Two Anne Arundel Community College students were recently named to the first team of the All-Maryland Academic Team. Staff Sgt. Dysha Huggins-Hodge of Fort Meade and Barry P. McMenamin of Severna Park will be recognized in a May 4 ceremony honoring the All-Maryland Academic Team.
For both nominees to be named to the first team is unusual, but both students are exceptional, said Christine M. Storck, director of Student Life at AACC. Huggins-Hodge earned a 4.0 grade-point average in Transfer Studies, even though she completed much of her studies while deployed in Afghanistan as a biological, chemical, radiological and nuclear specialist. McMenamin, who is majoring in Engineering, also has a 4.0 grade-point average and has made either the Honor’s List or Dean’s List every term since he began at AACC. He is the recipient of the Kathy and Jerry Wood Scholarship, the Edward Reilly State Senatorial Scholarship, the Tony McConkey State Delegate Scholarship, and the James King State Delegate Scholarship.
Huggins-Hodge, 24, credits the Army for helping her learn self discipline, but it was the birth of her son, Micah – now 2 years old – that made her realize that she needed a plan so she could be the best parent she could be. Micah was born with Eagle-Barrett Syndrome, a condition that means he lacks abdominal muscles and often affects kidney and bladder function and lung development, so she had the added emotional tug of having to leave a sick child at home. She said focusing on her studies helped distract her from being in a dangerous spot and being away from her husband and son.
While deployed, she also found time to volunteer for the USO, establish a tutoring and mentoring program for deployed service members and head up the Combined Federal Campaign for her company, a charity campaign that supports nonprofit organizations around the world. Her husband has been going to college, too, and they both hope to complete their bachelor’s degrees at about the time they leave the Army.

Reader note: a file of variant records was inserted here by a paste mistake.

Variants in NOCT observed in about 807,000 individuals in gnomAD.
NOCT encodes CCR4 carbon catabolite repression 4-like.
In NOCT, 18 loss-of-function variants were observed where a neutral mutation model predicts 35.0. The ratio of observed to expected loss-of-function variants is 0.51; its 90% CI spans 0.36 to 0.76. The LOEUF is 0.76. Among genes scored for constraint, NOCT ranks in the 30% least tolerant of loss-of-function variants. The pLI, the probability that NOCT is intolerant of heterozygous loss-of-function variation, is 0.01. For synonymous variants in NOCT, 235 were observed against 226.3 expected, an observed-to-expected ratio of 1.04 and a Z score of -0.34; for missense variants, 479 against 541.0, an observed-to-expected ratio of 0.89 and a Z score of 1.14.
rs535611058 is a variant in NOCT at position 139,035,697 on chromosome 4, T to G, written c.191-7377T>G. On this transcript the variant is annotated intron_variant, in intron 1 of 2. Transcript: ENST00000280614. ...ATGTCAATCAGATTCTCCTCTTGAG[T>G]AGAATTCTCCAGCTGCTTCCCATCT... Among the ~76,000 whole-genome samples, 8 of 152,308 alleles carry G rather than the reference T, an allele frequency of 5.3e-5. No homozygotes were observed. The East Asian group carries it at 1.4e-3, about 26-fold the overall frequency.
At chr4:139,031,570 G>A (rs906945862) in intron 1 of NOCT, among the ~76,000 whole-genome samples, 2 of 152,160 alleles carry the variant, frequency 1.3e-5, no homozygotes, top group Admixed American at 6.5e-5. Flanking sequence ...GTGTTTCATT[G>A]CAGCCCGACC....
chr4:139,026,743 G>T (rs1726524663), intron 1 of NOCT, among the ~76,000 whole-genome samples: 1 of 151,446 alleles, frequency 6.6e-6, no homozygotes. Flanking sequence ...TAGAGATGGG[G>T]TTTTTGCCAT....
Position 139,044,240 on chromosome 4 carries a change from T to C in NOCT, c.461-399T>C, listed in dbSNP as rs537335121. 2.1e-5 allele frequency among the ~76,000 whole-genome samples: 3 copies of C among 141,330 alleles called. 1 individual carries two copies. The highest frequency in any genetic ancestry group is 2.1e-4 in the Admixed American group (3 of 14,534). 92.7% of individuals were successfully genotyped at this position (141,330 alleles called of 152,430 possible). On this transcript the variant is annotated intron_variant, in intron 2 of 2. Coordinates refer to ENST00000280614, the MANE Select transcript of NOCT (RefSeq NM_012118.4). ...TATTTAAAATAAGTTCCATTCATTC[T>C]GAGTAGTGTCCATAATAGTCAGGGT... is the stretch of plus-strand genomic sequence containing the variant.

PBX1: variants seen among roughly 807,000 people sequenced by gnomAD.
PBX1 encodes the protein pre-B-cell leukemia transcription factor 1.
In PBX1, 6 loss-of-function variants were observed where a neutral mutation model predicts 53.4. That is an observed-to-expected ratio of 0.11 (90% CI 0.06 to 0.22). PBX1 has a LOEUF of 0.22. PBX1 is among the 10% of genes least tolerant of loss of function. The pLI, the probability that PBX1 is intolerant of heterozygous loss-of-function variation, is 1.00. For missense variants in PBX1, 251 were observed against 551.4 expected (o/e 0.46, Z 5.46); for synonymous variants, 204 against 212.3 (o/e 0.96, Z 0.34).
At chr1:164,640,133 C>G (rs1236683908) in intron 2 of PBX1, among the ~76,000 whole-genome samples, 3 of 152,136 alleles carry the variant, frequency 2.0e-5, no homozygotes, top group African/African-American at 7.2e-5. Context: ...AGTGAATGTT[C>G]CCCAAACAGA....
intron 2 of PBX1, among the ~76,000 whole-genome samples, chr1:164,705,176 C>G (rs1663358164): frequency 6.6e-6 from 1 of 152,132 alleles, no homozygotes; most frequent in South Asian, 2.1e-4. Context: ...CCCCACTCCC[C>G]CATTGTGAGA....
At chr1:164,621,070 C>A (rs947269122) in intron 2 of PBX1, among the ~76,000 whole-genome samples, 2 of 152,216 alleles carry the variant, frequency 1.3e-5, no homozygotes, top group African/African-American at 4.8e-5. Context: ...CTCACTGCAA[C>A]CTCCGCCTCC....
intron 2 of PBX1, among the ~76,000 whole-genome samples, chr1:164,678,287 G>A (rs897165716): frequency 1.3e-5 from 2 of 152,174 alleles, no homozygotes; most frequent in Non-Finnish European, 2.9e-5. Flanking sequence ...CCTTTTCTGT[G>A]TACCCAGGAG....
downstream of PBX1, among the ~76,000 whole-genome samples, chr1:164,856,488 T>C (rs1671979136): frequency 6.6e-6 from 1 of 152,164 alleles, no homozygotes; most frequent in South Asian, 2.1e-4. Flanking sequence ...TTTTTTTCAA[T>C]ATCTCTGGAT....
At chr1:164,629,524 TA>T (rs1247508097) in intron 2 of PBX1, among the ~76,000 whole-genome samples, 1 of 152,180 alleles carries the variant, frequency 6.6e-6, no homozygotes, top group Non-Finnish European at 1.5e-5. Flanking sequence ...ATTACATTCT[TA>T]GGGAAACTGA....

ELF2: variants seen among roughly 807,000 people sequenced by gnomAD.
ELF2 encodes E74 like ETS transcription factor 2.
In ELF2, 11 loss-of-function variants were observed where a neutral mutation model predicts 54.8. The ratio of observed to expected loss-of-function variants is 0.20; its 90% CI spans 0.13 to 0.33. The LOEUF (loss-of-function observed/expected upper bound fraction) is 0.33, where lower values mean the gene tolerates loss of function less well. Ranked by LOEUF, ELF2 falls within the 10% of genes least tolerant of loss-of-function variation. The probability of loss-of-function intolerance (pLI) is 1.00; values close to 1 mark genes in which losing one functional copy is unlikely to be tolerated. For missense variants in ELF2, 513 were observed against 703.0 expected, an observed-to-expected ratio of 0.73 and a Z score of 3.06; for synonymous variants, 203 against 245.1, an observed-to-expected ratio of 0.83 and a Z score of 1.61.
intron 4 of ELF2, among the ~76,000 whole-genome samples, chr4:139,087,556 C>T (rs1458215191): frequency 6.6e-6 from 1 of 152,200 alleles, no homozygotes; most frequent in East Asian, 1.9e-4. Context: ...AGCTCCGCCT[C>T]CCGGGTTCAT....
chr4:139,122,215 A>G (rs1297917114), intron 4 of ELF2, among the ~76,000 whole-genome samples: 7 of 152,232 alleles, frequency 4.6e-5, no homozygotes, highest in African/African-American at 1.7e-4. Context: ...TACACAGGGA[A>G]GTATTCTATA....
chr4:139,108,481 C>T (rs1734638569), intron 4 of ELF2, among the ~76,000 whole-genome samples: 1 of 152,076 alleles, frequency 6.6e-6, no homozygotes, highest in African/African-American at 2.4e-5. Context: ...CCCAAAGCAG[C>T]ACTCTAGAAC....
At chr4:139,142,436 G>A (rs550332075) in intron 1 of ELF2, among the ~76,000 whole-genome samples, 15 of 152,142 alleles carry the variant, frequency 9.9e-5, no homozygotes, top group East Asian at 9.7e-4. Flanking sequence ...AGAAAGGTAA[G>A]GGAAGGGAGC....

McMenamin, 35, has had a couple of careers that have experienced downturns. For about 10 years, he was a bicycle messenger and lived in Chicago, New York City, Washington, D.C., and London. Technology meant even huge designs could be e-mailed and the message delivery work was drying up. He started doing construction work while living with his parents in Alabama. He then moved up to Maryland to visit one of his sisters, who had just had a baby, and started doing construction jobs here. But even before the housing slowdown hit, he was diagnosed with arthritis in his elbow. So, he knew he had to make a career change.
It had been so long since he had graduated from high school that he started slowly, taking first one class and then two classes the next semester. While at AACC, McMenamin participated in Phi Theta Kappa activities and was a Supplemental Instructor for physics, which allowed him to help other students in a subject he enjoyed and in which he excelled. He has always had a fascination with electronics and attending a special robot speedway competition reinforced his plan to one day work in robotics. To do that, he discovered that he needed engineering skills. He is transferring to the engineering program at the University of Maryland next fall. He hopes to eventually work on humanoid robotics, which are robots that can perform human tasks.
Each two-year college in Maryland may nominate two students, who are chosen based on outstanding academic performance and service to the college and community. The All-Maryland Academic Team is the state component of the All-USA Academic Team, the recognition program sponsored by the Phi Theta Kappa academic honor society and USA Today publication. Students usually have at least a 3.5 grade point average.